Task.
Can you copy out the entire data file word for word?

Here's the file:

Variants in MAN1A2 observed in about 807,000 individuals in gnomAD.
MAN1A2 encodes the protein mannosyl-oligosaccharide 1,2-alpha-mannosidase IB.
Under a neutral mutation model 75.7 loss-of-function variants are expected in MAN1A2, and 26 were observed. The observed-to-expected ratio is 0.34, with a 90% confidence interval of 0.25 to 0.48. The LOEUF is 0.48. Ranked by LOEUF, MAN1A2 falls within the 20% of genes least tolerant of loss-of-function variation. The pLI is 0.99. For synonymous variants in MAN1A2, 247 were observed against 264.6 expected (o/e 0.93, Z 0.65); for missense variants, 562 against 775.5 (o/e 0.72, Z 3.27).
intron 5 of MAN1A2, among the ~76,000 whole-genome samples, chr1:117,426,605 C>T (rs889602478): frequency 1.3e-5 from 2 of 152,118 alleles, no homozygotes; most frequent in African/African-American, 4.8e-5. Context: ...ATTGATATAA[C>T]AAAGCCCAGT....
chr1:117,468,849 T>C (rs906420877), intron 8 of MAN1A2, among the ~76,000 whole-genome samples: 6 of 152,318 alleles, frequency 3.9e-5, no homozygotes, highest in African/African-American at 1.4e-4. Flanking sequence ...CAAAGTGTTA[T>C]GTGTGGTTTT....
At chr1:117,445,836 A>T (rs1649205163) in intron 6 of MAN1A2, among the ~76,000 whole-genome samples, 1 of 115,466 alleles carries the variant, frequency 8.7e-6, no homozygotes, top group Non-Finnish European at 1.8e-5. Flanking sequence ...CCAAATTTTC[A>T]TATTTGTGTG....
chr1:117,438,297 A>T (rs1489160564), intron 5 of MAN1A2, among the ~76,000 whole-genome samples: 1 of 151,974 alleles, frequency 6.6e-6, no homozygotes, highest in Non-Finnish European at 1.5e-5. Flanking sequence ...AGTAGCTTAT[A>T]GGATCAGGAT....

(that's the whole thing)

Variants in MAN1A2 observed in about 807,000 individuals in gnomAD.
MAN1A2 encodes the protein mannosyl-oligosaccharide 1,2-alpha-mannosidase IB.
Under a neutral mutation model 75.7 loss-of-function variants are expected in MAN1A2, and 26 were observed. The observed-to-expected ratio is 0.34, with a 90% confidence interval of 0.25 to 0.48. The LOEUF is 0.48. Ranked by LOEUF, MAN1A2 falls within the 20% of genes least tolerant of loss-of-function variation. The pLI is 0.99. For synonymous variants in MAN1A2, 247 were observed against 264.6 expected (o/e 0.93, Z 0.65); for missense variants, 562 against 775.5 (o/e 0.72, Z 3.27).
intron 5 of MAN1A2, among the ~76,000 whole-genome samples, chr1:117,426,605 C>T (rs889602478): frequency 1.3e-5 from 2 of 152,118 alleles, no homozygotes; most frequent in African/African-American, 4.8e-5. Context: ...ATTGATATAA[C>T]AAAGCCCAGT....
chr1:117,468,849 T>C (rs906420877), intron 8 of MAN1A2, among the ~76,000 whole-genome samples: 6 of 152,318 alleles, frequency 3.9e-5, no homozygotes, highest in African/African-American at 1.4e-4. Flanking sequence ...CAAAGTGTTA[T>C]GTGTGGTTTT....
At chr1:117,445,836 A>T (rs1649205163) in intron 6 of MAN1A2, among the ~76,000 whole-genome samples, 1 of 115,466 alleles carries the variant, frequency 8.7e-6, no homozygotes, top group Non-Finnish European at 1.8e-5. Flanking sequence ...CCAAATTTTC[A>T]TATTTGTGTG....
chr1:117,438,297 A>T (rs1489160564), intron 5 of MAN1A2, among the ~76,000 whole-genome samples: 1 of 151,974 alleles, frequency 6.6e-6, no homozygotes, highest in Non-Finnish European at 1.5e-5. Flanking sequence ...AGTAGCTTAT[A>T]GGATCAGGAT....